The Commonwealth Games, which have entertained the nation lately, have become an important platform where viewers across the world can see countries united in the name of sport. The competing countries are happy to compete as members of the Commonwealth, despite their past relationship with Britain. All 53 countries were once ruled by Britain during its empire days – but are all completely unique. The modern Commonwealth is meant to represent a consistency of ideas regarding the rights of citizens. However many differ in their progress regarding civil liberties, particularly their views on women’s rights. New Zealand was the first country on the planet to give women the vote way back in 1893. As part of the British Empire/Commonwealth this could have initiated a movement across the empire, however, South Africa didn’t give all women the vote until 1994.
New Zealand citizens are proud of the fact that they granted women the vote long before any over the self-governed country not only regarding Commonwealth countries but all countries across the globe. New Zealand’s world leadership in women’s suffrage became a central part of their image as forward thinking democracy with the highest standards of civil rights and liberties.
Women in New Zealand got the vote after years of effort by suffrage campaigners, led by Kate Sheppard. Unlike Britain and the United States, there was no waiting until after the First World War to get the vote or by breaking windows and causing destruction. Instead, Sheppard produced a number of petitions calling on Parliament to let women have the vote. The petitions gathered in 1893 were signed by almost a quarter of the adult female population of New Zealand.
The suffrage movement in New Zealand initiated huge waves of women fighting against the stereotypical narrow image that women should be kept in the house, raise children and not have any involvement in politics. The New Zealand movement was shaped by two main themes: equal political rights for men and women and the determination to use these rights to introduce social reform. A key difference between New Zealand and Britain in terms of getting the right to vote is that key male politicians supported the suffrage movement. Amongst the supporters were William Fox (Second Premier of New Zealand), John Hall (Prime Minister of New Zealand 1879-1882) and Julius Vogel (eighth Premier of New Zealand).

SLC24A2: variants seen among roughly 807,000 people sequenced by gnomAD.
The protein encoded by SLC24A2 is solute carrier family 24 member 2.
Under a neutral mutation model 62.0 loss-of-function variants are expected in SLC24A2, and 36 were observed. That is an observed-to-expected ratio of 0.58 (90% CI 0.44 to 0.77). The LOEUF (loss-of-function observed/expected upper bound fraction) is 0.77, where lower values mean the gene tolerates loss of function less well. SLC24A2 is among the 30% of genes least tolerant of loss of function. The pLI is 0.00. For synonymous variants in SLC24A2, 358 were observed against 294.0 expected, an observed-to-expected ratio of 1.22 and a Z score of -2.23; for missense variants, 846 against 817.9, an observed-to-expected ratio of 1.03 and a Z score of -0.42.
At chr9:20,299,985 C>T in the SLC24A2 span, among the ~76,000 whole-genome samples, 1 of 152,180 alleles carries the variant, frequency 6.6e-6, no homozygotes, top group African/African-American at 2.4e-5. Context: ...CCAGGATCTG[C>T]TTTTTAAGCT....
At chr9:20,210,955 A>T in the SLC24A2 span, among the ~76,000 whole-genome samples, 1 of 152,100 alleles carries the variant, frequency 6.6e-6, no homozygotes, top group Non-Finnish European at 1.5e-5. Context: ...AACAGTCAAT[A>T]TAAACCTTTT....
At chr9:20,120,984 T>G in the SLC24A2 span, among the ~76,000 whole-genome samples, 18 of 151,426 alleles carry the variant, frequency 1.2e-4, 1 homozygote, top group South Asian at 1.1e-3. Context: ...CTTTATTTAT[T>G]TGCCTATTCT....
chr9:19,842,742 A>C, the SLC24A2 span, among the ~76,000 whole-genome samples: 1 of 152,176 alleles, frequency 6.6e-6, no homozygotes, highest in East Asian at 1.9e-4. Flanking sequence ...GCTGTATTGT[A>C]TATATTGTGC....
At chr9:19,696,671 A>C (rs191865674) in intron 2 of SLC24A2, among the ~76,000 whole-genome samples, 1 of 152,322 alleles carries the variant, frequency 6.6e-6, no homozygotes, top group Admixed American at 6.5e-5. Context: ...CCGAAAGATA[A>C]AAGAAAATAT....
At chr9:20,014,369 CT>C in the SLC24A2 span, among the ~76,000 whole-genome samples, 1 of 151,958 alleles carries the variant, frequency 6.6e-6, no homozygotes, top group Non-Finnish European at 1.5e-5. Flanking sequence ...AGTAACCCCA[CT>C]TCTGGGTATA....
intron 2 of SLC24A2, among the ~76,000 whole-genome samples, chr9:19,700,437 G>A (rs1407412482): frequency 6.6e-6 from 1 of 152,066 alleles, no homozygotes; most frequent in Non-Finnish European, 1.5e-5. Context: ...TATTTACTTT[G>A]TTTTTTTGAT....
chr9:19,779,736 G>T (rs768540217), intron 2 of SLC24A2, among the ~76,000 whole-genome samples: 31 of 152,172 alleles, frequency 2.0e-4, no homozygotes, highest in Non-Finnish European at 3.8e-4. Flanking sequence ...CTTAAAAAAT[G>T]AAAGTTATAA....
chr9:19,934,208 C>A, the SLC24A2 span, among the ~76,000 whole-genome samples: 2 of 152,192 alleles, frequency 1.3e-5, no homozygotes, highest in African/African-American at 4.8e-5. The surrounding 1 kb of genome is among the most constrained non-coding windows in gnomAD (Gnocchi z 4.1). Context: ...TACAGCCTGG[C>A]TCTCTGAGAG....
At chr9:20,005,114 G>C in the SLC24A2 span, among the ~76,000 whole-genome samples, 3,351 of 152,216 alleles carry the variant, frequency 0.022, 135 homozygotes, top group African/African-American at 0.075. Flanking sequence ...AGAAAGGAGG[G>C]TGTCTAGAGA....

Surprisingly, the liquor companies presented the biggest resistance against women getting the vote. They believed that allowing women to have the vote would lead to the prohibition of alcohol as females were not as interested in alcohol. I guess in these time alcohol production was restricted to liquor and ale and the mass consumption of wine by females was yet to materialize. Was this a missed opportunity to tie the vote to an expansion of wine production?
The Liberal government, which came into office in 1891, was very much divided over the issue. The Premier, John Ballance, supported the suffrage movement. But behind closed doors, he was worried that women would vote for the conservative counterparts and was therefore reluctant to give women the vote. Many of Ballance’s cabinet colleagues, including Richard Seddon, who was a friend of the liquor trade, strongly opposed the suffrage movement.
In April 1893 Ballance died and was succeeded by Richard Seddon. This appeared to be the end of the suffrage movement but following the presentation of a third massive petition, another bill was easily passed into the House. Seddon and others tried to destroy the bill through various underhand tactics but it backfired. Two opposition councillors – who previously opposed women’s suffrage, changed their vote with the pure intention to embarrass Seddon. Finally, on the 19th September, Lord Glasgow the Governor of that time signed the bill into law and suffragettes rejoiced across the country.
Even though New Zealand did give women the right to vote first, they still have a long way to go until they achieve political equality. Women didn’t gain the right to stand for Parliament until 1919 and the first female MP was not elected until 1933 – a long time after women were entering Parliament in the UK. Even today women remain underrepresented in Parliament and only makeup just over 30% of MPs elected (2014).